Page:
1. In a large, heavy pan, add the rice and the water it soaked in. On medium heat, cook until the rice is tender but still firm, stirring occasionally to prevent sticking.

2. In a large, heavy wide pan, heat peanut oil over medium heat. When oil is hot, add one after another, from big to small, the ingredients listed in turmeric tadka in that order. Constantly stirring toast them to red and to fragrance. When you see mustard seeds pop, then add the mango and carrot gratings to the skillet. Sprinkle half teaspoon of salt or to taste. Stir and saute for about five minutes on medium-low heat. This is done to remove the mango and carrot rawness.

3. Add mango-carrot mixture to cooked rice. Gently mix well. Serve warm. Sour and sweet, mango-carrot pulihora makes a tasty one-dish meal.

Mango-Carrot Pulihora
Mango~Carrot Pulihora ~ Meal on a Rainy Day

Strawberry-Oats Cake

Farm Fresh Strawberries

Spring is in the air and fresh berries are making an appearance in grocery stores. I bought a box of fresh strawberries yesterday and with some of those berries I baked a strawberry cake for the weekend. It is a substantial cake with a simple recipe. The surprise ingredient is oats and they make the cake more moist and gooey than crumbly. I also added mashed banana (to make it egg-free) and pecans for some extra sweetness and crunch.


Strawberry-Oats Cake

2 cups, all-purpose flour (unbleached)
1/4 cup, oats (old fashioned, Quaker brand)
1 and 1/2 cups, sugar
1 teaspoon, salt
1 teaspoon, baking powder
1/2 teaspoon, baking soda

1 ripe banana, mashed with a tablespoon of lime juice
1/2 cup, plain yogurt
1/2 cup, peanut oil
1 cup, cut strawberries
1 cup, coarsely chopped pecans

In a big bowl, take flour and oats. Add sugar, salt, baking powder and soda. Mix well.

Make a well in the center of the dry ingredients and add the mashed banana, yogurt and oil. Mix well until thoroughly incorporated. Add the strawberries and pecans. Gently combine.

Lightly oil a deep 7- inch round cake pan. Spoon the mixture into the pan and smooth the surface.

Preheat the oven to 350 F. Bake the cake for about 45 minutes until firm to the touch or until a knife inserted in the center comes out clean. Leave the cake to cool for 30 minutes. Serve and enjoy.

Strawberry-Oats Cake
A Slice of Strawberry-Oats Cake to Welcome the Sweet Spring Season

Fennel Farfalle ~ India Inspired

Fresh fennel not only tastes great, on research I found that fresh fennel is low in calories, contains beta carotene and foliate. It is good for digestion and has a calming effect on the stomach. All the above makes fresh fennel a power food in my food dictionary. Needless to say I am enjoying being a follower to fresh fennel flavor. And, this is what I have made for dinner today with fresh fennel bulb purchased from last weekend grocery trip.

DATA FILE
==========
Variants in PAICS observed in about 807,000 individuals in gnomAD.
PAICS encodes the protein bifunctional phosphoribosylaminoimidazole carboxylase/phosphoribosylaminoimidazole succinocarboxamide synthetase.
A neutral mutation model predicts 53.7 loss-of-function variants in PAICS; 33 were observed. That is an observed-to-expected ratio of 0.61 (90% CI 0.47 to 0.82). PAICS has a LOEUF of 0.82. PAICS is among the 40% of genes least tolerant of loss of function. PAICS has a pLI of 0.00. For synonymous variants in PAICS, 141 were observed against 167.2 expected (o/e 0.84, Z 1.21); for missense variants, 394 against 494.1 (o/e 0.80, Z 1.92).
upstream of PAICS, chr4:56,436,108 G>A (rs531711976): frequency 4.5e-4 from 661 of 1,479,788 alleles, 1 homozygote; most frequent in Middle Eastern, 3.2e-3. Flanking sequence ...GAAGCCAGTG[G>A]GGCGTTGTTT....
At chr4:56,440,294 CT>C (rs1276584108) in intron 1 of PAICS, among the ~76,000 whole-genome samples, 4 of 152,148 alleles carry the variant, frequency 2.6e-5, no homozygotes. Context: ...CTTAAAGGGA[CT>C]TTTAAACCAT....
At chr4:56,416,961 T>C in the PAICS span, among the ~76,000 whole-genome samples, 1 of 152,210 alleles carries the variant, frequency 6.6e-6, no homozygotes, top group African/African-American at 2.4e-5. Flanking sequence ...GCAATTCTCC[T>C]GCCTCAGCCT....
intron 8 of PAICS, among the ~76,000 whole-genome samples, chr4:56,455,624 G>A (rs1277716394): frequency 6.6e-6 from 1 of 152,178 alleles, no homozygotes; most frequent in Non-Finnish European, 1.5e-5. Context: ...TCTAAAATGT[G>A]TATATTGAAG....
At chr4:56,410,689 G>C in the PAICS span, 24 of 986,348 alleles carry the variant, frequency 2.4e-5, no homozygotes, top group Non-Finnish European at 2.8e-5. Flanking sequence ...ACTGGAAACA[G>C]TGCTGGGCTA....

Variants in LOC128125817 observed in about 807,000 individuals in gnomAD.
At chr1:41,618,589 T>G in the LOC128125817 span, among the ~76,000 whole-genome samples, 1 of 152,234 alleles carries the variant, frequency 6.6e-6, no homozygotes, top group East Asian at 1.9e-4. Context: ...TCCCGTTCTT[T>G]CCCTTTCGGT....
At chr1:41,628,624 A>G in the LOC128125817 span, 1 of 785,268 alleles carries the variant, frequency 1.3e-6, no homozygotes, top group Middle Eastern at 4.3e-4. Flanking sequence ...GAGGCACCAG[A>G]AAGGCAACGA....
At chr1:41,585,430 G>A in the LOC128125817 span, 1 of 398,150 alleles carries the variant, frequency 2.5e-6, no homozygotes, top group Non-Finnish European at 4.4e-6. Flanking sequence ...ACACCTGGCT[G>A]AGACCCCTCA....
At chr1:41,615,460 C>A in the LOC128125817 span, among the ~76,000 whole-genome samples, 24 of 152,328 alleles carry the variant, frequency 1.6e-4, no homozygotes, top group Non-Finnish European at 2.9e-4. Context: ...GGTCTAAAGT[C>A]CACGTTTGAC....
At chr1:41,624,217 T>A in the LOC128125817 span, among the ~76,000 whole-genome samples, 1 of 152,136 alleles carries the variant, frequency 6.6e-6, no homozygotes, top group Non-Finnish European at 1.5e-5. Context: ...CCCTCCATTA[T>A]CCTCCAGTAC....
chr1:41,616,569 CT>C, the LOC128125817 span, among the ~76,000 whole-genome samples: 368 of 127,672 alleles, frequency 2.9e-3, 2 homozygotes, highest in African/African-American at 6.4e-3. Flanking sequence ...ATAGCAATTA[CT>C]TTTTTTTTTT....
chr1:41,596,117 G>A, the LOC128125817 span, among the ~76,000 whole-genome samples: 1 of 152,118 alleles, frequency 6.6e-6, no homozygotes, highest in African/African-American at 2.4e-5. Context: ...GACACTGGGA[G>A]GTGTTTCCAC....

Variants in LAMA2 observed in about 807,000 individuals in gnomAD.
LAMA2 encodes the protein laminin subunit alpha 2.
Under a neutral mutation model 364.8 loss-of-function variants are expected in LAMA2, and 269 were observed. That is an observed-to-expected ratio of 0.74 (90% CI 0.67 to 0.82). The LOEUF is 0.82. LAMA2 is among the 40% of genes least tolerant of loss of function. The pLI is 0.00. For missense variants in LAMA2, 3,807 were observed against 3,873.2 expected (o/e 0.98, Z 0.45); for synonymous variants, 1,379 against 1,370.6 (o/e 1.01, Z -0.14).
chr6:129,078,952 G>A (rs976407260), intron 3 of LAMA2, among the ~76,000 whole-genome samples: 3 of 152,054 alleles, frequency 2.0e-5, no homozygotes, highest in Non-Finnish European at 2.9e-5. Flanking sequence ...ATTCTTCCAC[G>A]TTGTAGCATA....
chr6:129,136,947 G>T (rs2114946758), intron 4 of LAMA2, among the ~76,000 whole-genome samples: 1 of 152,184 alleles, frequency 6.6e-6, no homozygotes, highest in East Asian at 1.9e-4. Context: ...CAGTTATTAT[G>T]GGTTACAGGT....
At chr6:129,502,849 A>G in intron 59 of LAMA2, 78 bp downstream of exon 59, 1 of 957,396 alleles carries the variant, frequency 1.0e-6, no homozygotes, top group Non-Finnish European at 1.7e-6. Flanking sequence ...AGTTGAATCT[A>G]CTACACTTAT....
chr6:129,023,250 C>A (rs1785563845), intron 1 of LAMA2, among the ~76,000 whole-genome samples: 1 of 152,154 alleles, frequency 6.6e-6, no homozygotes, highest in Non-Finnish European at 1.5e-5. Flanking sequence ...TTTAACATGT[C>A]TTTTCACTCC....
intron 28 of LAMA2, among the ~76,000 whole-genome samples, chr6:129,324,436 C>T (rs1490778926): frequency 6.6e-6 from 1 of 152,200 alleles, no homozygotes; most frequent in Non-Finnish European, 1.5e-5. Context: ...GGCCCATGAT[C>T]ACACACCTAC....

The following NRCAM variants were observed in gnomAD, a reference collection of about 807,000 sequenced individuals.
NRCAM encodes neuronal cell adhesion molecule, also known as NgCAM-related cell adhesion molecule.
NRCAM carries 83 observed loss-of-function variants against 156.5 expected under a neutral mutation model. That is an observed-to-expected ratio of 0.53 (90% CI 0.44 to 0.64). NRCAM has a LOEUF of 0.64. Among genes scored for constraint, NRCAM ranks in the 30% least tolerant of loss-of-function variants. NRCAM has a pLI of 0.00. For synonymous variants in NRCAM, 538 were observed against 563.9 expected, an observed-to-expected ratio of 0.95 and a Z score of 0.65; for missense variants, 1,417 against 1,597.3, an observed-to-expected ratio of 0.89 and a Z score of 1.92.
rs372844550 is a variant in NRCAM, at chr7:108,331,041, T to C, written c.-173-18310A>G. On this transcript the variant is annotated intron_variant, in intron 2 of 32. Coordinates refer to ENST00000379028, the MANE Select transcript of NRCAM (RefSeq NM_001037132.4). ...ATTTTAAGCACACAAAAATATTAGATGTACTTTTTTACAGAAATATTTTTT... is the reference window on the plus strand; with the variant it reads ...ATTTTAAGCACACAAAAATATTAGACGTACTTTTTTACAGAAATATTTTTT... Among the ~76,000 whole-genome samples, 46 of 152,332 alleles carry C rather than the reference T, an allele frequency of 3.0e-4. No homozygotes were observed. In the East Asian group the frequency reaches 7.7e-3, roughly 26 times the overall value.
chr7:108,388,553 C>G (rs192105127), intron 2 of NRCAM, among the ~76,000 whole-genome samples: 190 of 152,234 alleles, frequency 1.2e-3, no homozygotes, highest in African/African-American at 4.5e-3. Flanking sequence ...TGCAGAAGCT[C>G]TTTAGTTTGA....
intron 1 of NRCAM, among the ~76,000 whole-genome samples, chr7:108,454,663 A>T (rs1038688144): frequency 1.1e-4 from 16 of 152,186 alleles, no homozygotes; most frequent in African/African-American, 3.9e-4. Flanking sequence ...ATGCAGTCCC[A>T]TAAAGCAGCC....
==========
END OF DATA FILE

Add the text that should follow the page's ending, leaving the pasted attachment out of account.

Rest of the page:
I paired the fennel with spinach and sun dried tomatoes. Pasta is the carbohydrates. Chickpeas and almond butter filled the protein need. I omitted the routine pasta fare, tomato sauce, oregano etc, instead experimented by adding some traditional Bharath masala. Fennel looked like it was in turmeric heaven and the meal tasted light and delightful.

Fresh Fennel, Sliced Thinly

Fennel Farfalle Pasta
(for 2 to 4 servings for main meal)

Ingredients:
1 tablespoon, peanut oil
1/4 teaspoon, fennel seeds
2 garlic cloves, skin peeled, sliced thinly
1 onion, sliced thinly
1 fennel bulb
4 cups of spinach, coarsely chopped
8 sundried tomatoes, sliced thinly
1/2 cup, cooked chickpeas
1 tablespoon, almond butter
1 teaspoon each – garam masala powder and red pepper flakes
1/4 teaspoon, turmeric
salt to taste
2 cups, farfalle pasta

Method:
Cut the fennel bulb in half. Remove the outer layer and hard core. Slice the fennel into thin strips. Cut and prepare garlic, onion, spinach and sun-dried tomatoes.

Bring a pot of salted water to a boil. Add the pasta and cook for 10 minutes, until just tender.

Meanwhile, heat the oil in a wide pan. Add the fennel seeds and garlic. Toast to fragrance. Add the onion and fresh fennel. Saute for five minutes on moderate heat to pleasant pink color. Add the spinach, sundried tomatoes and chickpeas. Saute, stirring frequently, until the leaves collapse.

Add the cooked pasta and about half cup of water pasta simmered in. Stir in the almond butter, garam masala powder, red pepper flakes, turmeric and salt. Mix well and cook on low heat for another five minutes. Serve the fennel farfalle immediately.